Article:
Buffalo police plan to confiscate firearms of recently deceased gun owners, but they’re facing strong resistance from Second Amendment activists, Fox News reports.
During a press conference last week, Buffalo police said their biggest problem with weapons in crimes seems to involve guns that are stolen in burglaries from homes, WGRZ reports. In some cases, they think families are holding on to weapons even though the person who originally bought them has died.
“We recently started a program where we’re cross referencing all the pistol permit holders with the death records, and we’re sending people out to collect the guns whenever possible so that they don’t end up in the wrong hands,” said Police Commissioner Daniel Derrenda, WGRZ reports. “Because at times they lay out there and the family is not aware of them and they end up just out on the street.”‘
According to Fox News, the plan is legal under a longstanding, but rarely enforced New York state law. However, gun rights advocates say it isn’t the police’s job to take away these firearms, including those that may have substantial monetary or sentimental value to a family.
“They’re quick to say they’re going to take the guns,” Tom King, president of the New York State Rifle & Pistol Association, told Fox News. “But they don’t tell you the law doesn’t apply to long guns, or that these families can sell [their loved one’s] pistol or apply to keep it.” King said enforcing this little-known state law proves police are targeting law-abiding gun owners.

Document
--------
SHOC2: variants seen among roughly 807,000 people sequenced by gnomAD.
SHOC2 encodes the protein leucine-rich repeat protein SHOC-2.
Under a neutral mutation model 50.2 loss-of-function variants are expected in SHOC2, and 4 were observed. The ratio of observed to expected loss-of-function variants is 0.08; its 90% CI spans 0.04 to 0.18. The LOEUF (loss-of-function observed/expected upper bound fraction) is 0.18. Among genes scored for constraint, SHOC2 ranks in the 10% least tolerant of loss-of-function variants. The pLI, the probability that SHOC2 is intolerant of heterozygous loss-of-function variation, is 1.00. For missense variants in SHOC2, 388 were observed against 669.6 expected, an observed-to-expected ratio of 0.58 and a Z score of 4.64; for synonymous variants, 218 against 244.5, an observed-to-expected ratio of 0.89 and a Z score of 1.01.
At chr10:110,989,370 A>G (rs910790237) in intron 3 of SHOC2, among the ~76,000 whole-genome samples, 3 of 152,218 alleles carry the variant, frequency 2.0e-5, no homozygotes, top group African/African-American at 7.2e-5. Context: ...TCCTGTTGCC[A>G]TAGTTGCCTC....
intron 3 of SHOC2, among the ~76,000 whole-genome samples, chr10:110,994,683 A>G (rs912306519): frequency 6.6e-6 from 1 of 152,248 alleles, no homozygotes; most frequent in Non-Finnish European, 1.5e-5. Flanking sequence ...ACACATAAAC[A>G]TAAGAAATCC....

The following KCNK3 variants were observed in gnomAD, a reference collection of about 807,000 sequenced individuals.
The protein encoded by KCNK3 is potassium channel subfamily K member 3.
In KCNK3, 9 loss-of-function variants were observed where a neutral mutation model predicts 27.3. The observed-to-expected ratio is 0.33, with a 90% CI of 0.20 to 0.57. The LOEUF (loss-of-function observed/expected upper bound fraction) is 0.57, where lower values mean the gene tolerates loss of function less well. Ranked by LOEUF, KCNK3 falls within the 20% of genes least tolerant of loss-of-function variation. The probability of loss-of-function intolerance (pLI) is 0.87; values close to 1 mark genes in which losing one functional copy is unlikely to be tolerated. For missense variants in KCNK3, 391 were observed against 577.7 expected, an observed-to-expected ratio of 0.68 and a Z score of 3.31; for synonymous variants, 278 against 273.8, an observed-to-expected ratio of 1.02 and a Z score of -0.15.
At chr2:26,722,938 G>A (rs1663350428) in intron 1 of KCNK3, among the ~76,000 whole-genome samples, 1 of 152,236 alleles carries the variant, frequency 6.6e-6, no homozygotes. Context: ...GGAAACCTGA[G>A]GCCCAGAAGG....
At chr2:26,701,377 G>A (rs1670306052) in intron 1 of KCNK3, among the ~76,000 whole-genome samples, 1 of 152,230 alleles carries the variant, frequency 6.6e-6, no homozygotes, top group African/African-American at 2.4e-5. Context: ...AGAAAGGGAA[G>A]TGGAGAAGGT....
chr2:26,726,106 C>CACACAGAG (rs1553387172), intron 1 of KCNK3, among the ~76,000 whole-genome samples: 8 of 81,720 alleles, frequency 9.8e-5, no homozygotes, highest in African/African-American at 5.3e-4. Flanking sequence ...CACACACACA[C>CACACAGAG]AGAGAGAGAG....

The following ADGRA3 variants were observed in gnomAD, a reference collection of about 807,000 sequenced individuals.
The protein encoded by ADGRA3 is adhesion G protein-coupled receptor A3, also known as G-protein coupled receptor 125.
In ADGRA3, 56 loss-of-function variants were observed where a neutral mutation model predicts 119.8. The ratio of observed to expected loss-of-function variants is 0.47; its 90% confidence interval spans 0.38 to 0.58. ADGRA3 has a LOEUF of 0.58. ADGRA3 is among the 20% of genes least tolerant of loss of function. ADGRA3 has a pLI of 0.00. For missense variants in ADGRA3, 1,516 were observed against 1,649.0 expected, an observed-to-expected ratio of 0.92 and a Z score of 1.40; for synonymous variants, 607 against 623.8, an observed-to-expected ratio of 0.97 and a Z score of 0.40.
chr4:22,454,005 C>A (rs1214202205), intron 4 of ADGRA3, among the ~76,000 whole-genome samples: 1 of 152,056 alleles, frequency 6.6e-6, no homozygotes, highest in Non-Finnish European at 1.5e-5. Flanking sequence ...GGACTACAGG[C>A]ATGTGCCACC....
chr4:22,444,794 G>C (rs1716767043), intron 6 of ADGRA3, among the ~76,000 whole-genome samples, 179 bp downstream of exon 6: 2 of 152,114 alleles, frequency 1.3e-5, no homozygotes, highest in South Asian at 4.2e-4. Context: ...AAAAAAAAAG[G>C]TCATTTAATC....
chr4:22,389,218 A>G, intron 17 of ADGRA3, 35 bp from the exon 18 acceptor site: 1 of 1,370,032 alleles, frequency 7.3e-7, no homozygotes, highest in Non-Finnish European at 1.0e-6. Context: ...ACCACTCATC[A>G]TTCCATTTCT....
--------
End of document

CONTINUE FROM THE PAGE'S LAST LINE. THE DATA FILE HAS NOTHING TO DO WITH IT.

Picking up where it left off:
Buffalo Police Commissioner Daniel Derrenda said at a press conference last week that the department will be sending people to collect guns that belong to pistol permit holders who had died so “they don’t end up in the wrong hands.” The department will cross reference pistol permit holders with death records and the guns will be collected when possible, he said.
Derrenda said guns pose a threat if their owner is no longer alive to safeguard them, especially if a recently-deceased gun owner’s home is burglarized.
“At times they lay out there and the family is not aware of them and they end up just out on the street,” he said, according to WGRZ.com.
The state law says that if the permit holder dies, the estate has 15 days to dispose of the guns or turn them in to authorities, who can hold the weapons up to two years. LoHud.com reported that violation of the law by survivors is a misdemeanor punishable by up to a year in jail and a fine. Pro-gun websites took Derrenda’s comments as an affront to the Second Amendment, with BearingArms.com claiming authorities could “use the relative’s pistol permit as the proverbial camel’s nose under the tent to get at every firearm they can, hoping to remove all the firearms from the home while the family is at their most vulnerable.”
To those who said it would never happen, wake up, it’s happening now. Gun registration is for the purpose of gun confiscation. When a right must be registered to be legally exercised, it ceases to be a right, and becomes a privilege that can be revoked.